The University of Wisconsin–Madison College of Agricultural and Life Sciences offers the one- or two-year Farm and Industry Short Course (FISC) program to high school graduates interested in farming or one of Wisconsin’s many other agricultural industries. The program runs from November to April and has an average enrollment of 135 students.
The program’s instructional goals emphasize a combination of academics and hands-on experience, taught by faculty and staff, many of whom also teach in the four-year undergraduate program.
In 2010, the University of Wisconsin-Madison Farm and Industry Short Course will have been active for 125 years.
College of Agriculture an "IDEA"Edit
On Sept. 1, 1880, William Arnon Henry began his service as Dean with the University of Wisconsin. University President John Bascom assigned Dean Henry the task of establishing the College of Agriculture as part of the university. Henry had little to work with except some acreage of farmland and the mandate to establish a training program that would be useful to young farmers.
Several farm organizations which were active at that time-the State Agriculture Society, the State Horticulture Society, the State Grange of the Patrons of Husbandry, and the State Dairymen's Association-greatly influenced the development of the College of Agriculture. These organizations, rather than individual farmers, really determined the form and function of the College of Agriculture.
Young farmers were not clamoring for college training, nor were operating farmers asking for what later became Extension services. Quoting Henry: "I found, upon coming to the state university, that we had no agriculture department, unless you can call a farm an agriculture department. We hand no buildings; we had no room even in the buildings, we had no museum, we had no appropriations, excepting the farm...as for the education of the farmer, since there was not a young man in the institution studying agriculture, I felt that I was wholly alone in my work".
Henry listed his expenditures as $3,560.56 for the farm, $1,200 for his own salary, and $2,500 for mechanical arts-this latter not an agriculture item.
Creation of Short CourseEdit
In 1885, the University of Wisconsin Regents accepted the report of a two-man committee consisting of William T. Vilas, a "lawyer of high degree", and H.D. Hitt, a farmer from Oakfeild, who was a prominent Granger. Their recommendation was that a shorter course for the winter months confined to the terms of two years, would be more popular and appropriate." This report was unanimously adopted, and the Farm Short Course (as it was then called) was mandated on January 20, 1885.
The Short Course was the first strictly agricultural course to be given in the state, and was in session by January 1886. The course covered a period of 12 weeks and embraced 60 lectures, each on some phase of agriculture, agricultural chemistry, and agricultural botany. Twenty-four lectures were held on veterinary science.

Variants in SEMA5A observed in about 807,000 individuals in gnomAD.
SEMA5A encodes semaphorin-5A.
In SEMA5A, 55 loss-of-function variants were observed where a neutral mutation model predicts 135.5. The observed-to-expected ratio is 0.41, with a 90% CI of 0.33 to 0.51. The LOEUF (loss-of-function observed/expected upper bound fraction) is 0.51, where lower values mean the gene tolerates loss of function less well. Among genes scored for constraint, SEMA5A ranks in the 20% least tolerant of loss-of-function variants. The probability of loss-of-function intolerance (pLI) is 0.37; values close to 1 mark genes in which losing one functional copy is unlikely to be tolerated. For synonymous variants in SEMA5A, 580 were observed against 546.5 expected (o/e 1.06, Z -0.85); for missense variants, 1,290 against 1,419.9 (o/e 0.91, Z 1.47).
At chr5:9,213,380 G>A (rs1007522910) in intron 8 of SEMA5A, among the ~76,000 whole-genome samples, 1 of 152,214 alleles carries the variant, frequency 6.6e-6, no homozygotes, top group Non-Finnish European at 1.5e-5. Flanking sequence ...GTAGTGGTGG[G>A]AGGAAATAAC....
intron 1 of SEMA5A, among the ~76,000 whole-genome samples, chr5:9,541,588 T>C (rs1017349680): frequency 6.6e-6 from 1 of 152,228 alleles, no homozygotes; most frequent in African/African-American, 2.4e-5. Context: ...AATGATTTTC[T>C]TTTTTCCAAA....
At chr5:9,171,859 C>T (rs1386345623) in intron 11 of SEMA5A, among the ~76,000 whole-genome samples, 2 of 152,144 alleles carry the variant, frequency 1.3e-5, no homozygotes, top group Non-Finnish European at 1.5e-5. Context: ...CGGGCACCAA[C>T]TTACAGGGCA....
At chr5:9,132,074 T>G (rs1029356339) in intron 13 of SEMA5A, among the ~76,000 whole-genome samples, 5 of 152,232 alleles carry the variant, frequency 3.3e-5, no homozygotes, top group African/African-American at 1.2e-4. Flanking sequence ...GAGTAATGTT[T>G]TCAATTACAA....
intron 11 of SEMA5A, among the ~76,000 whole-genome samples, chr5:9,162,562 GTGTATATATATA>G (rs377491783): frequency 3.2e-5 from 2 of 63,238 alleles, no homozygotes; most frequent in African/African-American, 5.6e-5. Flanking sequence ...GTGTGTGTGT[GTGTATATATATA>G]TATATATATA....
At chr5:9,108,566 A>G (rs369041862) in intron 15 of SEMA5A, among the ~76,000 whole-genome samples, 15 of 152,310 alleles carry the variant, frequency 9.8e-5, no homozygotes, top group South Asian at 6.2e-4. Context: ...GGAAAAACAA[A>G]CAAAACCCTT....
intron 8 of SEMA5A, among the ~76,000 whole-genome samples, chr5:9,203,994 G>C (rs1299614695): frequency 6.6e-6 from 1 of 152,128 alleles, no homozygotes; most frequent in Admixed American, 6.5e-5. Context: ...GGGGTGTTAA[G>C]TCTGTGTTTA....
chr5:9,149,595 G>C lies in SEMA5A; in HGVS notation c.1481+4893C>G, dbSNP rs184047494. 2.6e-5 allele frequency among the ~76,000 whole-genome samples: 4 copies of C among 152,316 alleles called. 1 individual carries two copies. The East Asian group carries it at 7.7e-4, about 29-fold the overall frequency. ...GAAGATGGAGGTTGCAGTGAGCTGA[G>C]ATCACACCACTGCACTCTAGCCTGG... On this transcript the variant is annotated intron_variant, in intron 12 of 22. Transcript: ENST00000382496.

The faculty consisted of four instructors: Professor Henry (Agriculture), Professor H.B. Armsby (Chemistry), Professor A.B. Seymour (Botany), and Dr. T.Y. Atkinson, State Veterinarian (Veterinary Science). The lectures and instruction were very practical, embracing such subjects as Climate and Agricultural Resources of Different Sections of the United States; Livestock; Land Drainage; Farm Crops; Farm Building; Roads and Road Making; Farm Accounts; Stock Feeding; Milk; Manures; Fertilizers, Tillage; Plant Diseases; Weeds; Grasses; Diseases of Animals and their Treatment.
The Program was designed to make these courses useful to those whose means and time were limited, and who wanted the knowledge to successfully conduct a farm business. The courses were made up so all the work was completed in one winter's term, but anyone so desiring, might devote his whole time to any one of four specialties offered.
Requirements were that students in the course should be at least 16 years old, and have a common school education. While no entrance examinations were required, those students who came poorly prepared could not expect to receive the full benefits of the course.
The expenses for the winter term of the Short Course were about $65 "for the economical student," including board, incidental fees and books. Most students had to locate and pay for rooming facilities.
Over 50 courses are offered annually in the areas of soils, crops, dairy, meat animals, general livestock, landscaping, agricultural engineering and agricultural economics. Students may earn a one-year or two-year certificate requiring 20 or 40 credits, respectively, or they may pursue a specialty certificate in one of seven areas: Crop and Soil Management, Dairy Farm Management, Farm Mechanics, Farm Service and Supply, Landscape Industry, Meat Animals, or Pasture-Based Dairy and Livestock.
- redirect University of Wisconsin–Madison